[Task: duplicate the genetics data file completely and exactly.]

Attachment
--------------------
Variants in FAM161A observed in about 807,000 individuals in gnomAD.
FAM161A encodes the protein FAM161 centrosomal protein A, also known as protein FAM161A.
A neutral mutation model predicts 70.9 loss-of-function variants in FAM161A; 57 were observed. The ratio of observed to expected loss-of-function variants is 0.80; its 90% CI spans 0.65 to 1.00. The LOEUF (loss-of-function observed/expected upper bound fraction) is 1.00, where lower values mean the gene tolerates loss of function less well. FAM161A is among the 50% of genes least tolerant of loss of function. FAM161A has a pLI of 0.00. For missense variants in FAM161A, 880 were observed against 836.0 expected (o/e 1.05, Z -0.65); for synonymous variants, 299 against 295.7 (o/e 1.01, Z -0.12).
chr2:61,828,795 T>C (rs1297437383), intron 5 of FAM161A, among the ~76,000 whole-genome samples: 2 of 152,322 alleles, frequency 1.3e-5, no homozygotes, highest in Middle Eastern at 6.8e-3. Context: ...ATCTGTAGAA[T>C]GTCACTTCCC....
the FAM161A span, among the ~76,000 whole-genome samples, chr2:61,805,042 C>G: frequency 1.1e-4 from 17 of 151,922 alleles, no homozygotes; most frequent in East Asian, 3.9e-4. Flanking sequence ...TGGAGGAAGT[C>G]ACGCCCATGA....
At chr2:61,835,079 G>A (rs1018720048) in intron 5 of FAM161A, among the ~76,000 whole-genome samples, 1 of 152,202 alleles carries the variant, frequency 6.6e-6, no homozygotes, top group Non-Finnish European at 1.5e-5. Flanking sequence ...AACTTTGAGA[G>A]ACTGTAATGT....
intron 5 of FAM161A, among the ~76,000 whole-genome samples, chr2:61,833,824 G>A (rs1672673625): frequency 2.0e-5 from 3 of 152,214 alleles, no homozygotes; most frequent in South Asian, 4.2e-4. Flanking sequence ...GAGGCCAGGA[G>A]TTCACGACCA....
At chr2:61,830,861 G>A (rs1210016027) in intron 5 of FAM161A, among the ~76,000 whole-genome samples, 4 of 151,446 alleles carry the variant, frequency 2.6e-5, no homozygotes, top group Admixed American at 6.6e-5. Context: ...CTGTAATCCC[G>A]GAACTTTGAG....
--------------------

Variants in FAM161A observed in about 807,000 individuals in gnomAD.
FAM161A encodes the protein FAM161 centrosomal protein A, also known as protein FAM161A.
A neutral mutation model predicts 70.9 loss-of-function variants in FAM161A; 57 were observed. The ratio of observed to expected loss-of-function variants is 0.80; its 90% CI spans 0.65 to 1.00. The LOEUF (loss-of-function observed/expected upper bound fraction) is 1.00, where lower values mean the gene tolerates loss of function less well. FAM161A is among the 50% of genes least tolerant of loss of function. FAM161A has a pLI of 0.00. For missense variants in FAM161A, 880 were observed against 836.0 expected (o/e 1.05, Z -0.65); for synonymous variants, 299 against 295.7 (o/e 1.01, Z -0.12).
chr2:61,828,795 T>C (rs1297437383), intron 5 of FAM161A, among the ~76,000 whole-genome samples: 2 of 152,322 alleles, frequency 1.3e-5, no homozygotes, highest in Middle Eastern at 6.8e-3. Context: ...ATCTGTAGAA[T>C]GTCACTTCCC....
the FAM161A span, among the ~76,000 whole-genome samples, chr2:61,805,042 C>G: frequency 1.1e-4 from 17 of 151,922 alleles, no homozygotes; most frequent in East Asian, 3.9e-4. Flanking sequence ...TGGAGGAAGT[C>G]ACGCCCATGA....
At chr2:61,835,079 G>A (rs1018720048) in intron 5 of FAM161A, among the ~76,000 whole-genome samples, 1 of 152,202 alleles carries the variant, frequency 6.6e-6, no homozygotes, top group Non-Finnish European at 1.5e-5. Flanking sequence ...AACTTTGAGA[G>A]ACTGTAATGT....
intron 5 of FAM161A, among the ~76,000 whole-genome samples, chr2:61,833,824 G>A (rs1672673625): frequency 2.0e-5 from 3 of 152,214 alleles, no homozygotes; most frequent in South Asian, 4.2e-4. Flanking sequence ...GAGGCCAGGA[G>A]TTCACGACCA....
At chr2:61,830,861 G>A (rs1210016027) in intron 5 of FAM161A, among the ~76,000 whole-genome samples, 4 of 151,446 alleles carry the variant, frequency 2.6e-5, no homozygotes, top group Admixed American at 6.6e-5. Context: ...CTGTAATCCC[G>A]GAACTTTGAG....